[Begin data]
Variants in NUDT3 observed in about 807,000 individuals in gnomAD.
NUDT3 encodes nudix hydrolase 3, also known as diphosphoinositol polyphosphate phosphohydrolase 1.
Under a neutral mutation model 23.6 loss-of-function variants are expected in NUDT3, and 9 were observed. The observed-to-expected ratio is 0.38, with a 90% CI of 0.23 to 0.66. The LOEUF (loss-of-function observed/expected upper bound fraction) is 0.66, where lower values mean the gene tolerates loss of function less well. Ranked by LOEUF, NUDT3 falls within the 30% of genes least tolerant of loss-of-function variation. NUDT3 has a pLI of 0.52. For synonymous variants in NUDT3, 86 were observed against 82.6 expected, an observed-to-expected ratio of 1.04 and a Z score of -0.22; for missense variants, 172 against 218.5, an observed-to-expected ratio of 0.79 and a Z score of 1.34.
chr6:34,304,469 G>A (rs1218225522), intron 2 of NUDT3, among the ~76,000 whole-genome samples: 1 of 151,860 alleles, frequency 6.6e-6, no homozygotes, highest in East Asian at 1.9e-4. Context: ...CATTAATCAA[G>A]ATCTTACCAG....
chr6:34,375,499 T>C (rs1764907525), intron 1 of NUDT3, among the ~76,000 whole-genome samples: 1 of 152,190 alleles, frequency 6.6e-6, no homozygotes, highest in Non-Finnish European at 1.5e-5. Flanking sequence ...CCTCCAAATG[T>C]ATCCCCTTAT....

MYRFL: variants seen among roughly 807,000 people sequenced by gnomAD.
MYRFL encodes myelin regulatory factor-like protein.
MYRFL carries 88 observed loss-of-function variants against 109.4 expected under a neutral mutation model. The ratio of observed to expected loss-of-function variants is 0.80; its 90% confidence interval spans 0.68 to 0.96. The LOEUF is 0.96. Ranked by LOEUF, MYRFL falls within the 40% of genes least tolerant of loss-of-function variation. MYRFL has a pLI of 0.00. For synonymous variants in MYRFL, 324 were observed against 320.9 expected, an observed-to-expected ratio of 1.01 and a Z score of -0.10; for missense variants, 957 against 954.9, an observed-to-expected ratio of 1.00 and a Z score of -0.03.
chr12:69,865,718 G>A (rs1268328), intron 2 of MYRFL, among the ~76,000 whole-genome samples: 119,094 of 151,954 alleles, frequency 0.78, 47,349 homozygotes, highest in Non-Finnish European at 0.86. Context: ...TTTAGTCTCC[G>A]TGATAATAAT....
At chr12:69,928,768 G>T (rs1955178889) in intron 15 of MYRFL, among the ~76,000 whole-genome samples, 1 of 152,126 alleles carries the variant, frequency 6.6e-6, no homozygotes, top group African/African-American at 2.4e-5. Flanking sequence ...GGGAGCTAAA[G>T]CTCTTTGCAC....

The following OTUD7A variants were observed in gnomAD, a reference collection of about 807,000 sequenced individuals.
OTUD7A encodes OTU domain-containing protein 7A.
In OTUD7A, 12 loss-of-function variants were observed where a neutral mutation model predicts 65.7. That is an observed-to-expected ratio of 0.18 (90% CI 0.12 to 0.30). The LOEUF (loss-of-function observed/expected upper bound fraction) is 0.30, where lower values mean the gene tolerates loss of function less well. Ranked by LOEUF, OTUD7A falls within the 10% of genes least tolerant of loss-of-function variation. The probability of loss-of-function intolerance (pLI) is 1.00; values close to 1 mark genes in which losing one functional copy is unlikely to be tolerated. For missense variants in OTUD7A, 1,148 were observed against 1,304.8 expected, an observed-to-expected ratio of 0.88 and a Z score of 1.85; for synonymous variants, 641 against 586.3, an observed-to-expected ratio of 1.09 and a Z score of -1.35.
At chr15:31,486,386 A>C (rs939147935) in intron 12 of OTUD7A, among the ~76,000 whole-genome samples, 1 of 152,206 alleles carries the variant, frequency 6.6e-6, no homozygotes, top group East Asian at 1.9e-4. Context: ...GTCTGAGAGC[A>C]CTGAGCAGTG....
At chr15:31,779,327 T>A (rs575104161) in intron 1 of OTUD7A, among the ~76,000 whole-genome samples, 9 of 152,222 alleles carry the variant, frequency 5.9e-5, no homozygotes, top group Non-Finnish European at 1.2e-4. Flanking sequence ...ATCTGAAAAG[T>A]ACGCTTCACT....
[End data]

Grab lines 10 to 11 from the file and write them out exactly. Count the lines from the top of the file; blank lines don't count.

At chr12:69,928,768 G>T (rs1955178889) in intron 15 of MYRFL, among the ~76,000 whole-genome samples, 1 of 152,126 alleles carries the variant, frequency 6.6e-6, no homozygotes, top group African/African-American at 2.4e-5. Flanking sequence ...GGGAGCTAAA[G>T]CTCTTTGCAC....

The following OTUD7A variants were observed in gnomAD, a reference collection of about 807,000 sequenced individuals.